What would you say if someone told you to put on some reggae music … for your dog? Ya, mon! As crazy as it may sound, a study has found that playing a little rub-a-dub for Fido will make him a good pooch. If that doesn’t work, then perhaps you could try a spin of soft rock as that could do the trick too.
According to a study that was published in the Journal of Physiology and Behavior, dogs in animal shelters tended to lean towards reggae and soft rock than to any other genre. While this might conjure an image of pups bopping their heads in time to a Bob Marley hit, the fact is the effects the music has on the reggae-loving pets is more on the inside than on the outside.
According to researchers at the Scottish SPCA and the University of Glasgow, the study was done to see how different genres affected the stress levels and behaviors of dogs in shelters. PhD Student Amy Bowman confirms the results of the study.
She said it “clearly shows that music has an effect on a dog’s behavior.”
But, to reach that conclusion the researchers made the dogs wear heart monitors as they listened to different sorts of music including classical, Motown, and pop as well as reggae and soft rock. While they realized that, just like us, dogs too had individual tastes when it came to their music, the last two genres proved to be more popular with the canine crowd. According to Professor Neil Evans from University of Glasgow, they are partial to the “Big Music from the Little Rock.” He said:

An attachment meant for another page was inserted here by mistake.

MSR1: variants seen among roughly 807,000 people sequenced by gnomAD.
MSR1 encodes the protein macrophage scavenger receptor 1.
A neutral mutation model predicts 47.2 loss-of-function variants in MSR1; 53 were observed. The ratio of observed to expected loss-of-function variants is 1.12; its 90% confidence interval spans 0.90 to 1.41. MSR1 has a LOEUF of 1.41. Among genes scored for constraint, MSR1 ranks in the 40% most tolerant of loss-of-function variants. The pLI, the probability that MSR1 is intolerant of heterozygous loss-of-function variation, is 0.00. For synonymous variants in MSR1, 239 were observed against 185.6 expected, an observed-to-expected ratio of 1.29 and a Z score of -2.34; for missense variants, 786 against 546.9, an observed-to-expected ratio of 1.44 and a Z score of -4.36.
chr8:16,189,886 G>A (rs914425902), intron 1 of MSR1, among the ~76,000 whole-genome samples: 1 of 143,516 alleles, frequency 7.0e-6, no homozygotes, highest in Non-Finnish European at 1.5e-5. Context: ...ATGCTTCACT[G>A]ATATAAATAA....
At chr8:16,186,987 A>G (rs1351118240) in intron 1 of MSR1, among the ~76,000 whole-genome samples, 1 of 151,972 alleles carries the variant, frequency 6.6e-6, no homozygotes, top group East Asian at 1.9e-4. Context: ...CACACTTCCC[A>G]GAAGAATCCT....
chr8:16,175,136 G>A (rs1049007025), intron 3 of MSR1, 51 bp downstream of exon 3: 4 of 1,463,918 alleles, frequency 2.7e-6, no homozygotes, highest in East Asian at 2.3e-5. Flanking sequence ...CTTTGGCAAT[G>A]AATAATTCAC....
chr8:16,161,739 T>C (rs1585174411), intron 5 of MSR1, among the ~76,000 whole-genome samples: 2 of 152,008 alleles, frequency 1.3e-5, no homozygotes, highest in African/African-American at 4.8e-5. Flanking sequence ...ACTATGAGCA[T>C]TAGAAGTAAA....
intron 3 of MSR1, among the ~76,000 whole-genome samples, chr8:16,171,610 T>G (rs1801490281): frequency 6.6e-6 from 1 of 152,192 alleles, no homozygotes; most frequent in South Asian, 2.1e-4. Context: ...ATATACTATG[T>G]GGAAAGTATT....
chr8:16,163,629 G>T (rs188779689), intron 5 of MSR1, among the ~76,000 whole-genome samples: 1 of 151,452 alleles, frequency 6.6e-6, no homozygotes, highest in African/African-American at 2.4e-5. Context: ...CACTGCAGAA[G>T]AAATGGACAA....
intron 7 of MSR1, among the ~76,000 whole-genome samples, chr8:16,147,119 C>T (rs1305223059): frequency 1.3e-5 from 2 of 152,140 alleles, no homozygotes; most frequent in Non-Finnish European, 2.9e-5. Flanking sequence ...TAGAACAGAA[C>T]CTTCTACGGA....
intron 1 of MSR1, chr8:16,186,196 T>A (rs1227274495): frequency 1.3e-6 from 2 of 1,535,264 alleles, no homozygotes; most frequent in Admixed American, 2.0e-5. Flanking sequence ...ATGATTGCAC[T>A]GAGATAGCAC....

“…reggae music and soft rock showed the highest positive changes in behavior.”
This spells good news to any dog that might find itself in an animal shelter which can be a scary and stressful environment at first. Their nervous and stressed behavior, apart from being bad for the pets themselves, will interfere with their chances of getting adopted as people thinking of taking one of them home usually prefer a dog that is relaxed and interacts with them and not one that cowers, barks, or shakes – all indications of fear and stress.
The results of the study have been found to be so conclusive that the Scottish SPCA has decided to invest in sound systems for all their kennels and promised to deliver on a canine-endorsed playlist for the four-legged reggae buffs to relax to.
Now, while it might seem so, this isn’t the first time this type of study has been done. As a matter of fact, this current study was a follow up on an original one that found dogs that listened to classical music not only barked less and lied down more, both signs of relaxation, but also that the effect wore off after about seven days. This suggested that the dogs either got used to the music or got bored with it, and this opened the door to the next experiment: Which genre of music would they not get tired of?
Well, now you know. So, turn that dial up and let Fido chill.
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